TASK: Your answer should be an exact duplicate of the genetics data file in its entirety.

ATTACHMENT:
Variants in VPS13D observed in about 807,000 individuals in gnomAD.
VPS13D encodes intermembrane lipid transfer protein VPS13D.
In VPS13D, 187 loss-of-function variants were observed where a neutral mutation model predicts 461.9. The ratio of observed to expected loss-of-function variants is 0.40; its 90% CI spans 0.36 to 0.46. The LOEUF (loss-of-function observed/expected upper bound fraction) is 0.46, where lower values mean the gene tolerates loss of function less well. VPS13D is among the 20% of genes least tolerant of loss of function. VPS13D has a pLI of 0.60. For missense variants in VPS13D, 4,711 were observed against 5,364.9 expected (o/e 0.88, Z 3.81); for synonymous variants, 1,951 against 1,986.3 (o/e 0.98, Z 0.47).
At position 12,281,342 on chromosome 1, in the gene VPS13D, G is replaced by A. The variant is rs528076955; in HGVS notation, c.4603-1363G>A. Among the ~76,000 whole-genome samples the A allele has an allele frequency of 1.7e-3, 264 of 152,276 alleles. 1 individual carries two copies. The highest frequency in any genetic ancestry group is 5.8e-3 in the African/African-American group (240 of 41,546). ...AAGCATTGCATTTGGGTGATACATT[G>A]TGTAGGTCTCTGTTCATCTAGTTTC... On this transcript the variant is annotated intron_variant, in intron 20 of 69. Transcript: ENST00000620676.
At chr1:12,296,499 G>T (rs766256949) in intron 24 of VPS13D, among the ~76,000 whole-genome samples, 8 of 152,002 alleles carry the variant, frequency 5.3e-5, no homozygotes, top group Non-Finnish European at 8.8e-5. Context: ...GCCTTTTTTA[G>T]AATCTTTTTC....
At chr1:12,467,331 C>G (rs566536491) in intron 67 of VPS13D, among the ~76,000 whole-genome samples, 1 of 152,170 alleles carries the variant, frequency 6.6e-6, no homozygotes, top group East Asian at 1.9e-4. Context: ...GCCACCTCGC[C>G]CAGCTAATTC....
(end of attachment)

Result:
Variants in VPS13D observed in about 807,000 individuals in gnomAD.
VPS13D encodes intermembrane lipid transfer protein VPS13D.
In VPS13D, 187 loss-of-function variants were observed where a neutral mutation model predicts 461.9. The ratio of observed to expected loss-of-function variants is 0.40; its 90% CI spans 0.36 to 0.46. The LOEUF (loss-of-function observed/expected upper bound fraction) is 0.46, where lower values mean the gene tolerates loss of function less well. VPS13D is among the 20% of genes least tolerant of loss of function. VPS13D has a pLI of 0.60. For missense variants in VPS13D, 4,711 were observed against 5,364.9 expected (o/e 0.88, Z 3.81); for synonymous variants, 1,951 against 1,986.3 (o/e 0.98, Z 0.47).
At position 12,281,342 on chromosome 1, in the gene VPS13D, G is replaced by A. The variant is rs528076955; in HGVS notation, c.4603-1363G>A. Among the ~76,000 whole-genome samples the A allele has an allele frequency of 1.7e-3, 264 of 152,276 alleles. 1 individual carries two copies. The highest frequency in any genetic ancestry group is 5.8e-3 in the African/African-American group (240 of 41,546). ...AAGCATTGCATTTGGGTGATACATT[G>A]TGTAGGTCTCTGTTCATCTAGTTTC... On this transcript the variant is annotated intron_variant, in intron 20 of 69. Transcript: ENST00000620676.
At chr1:12,296,499 G>T (rs766256949) in intron 24 of VPS13D, among the ~76,000 whole-genome samples, 8 of 152,002 alleles carry the variant, frequency 5.3e-5, no homozygotes, top group Non-Finnish European at 8.8e-5. Context: ...GCCTTTTTTA[G>T]AATCTTTTTC....
At chr1:12,467,331 C>G (rs566536491) in intron 67 of VPS13D, among the ~76,000 whole-genome samples, 1 of 152,170 alleles carries the variant, frequency 6.6e-6, no homozygotes, top group East Asian at 1.9e-4. Context: ...GCCACCTCGC[C>G]CAGCTAATTC....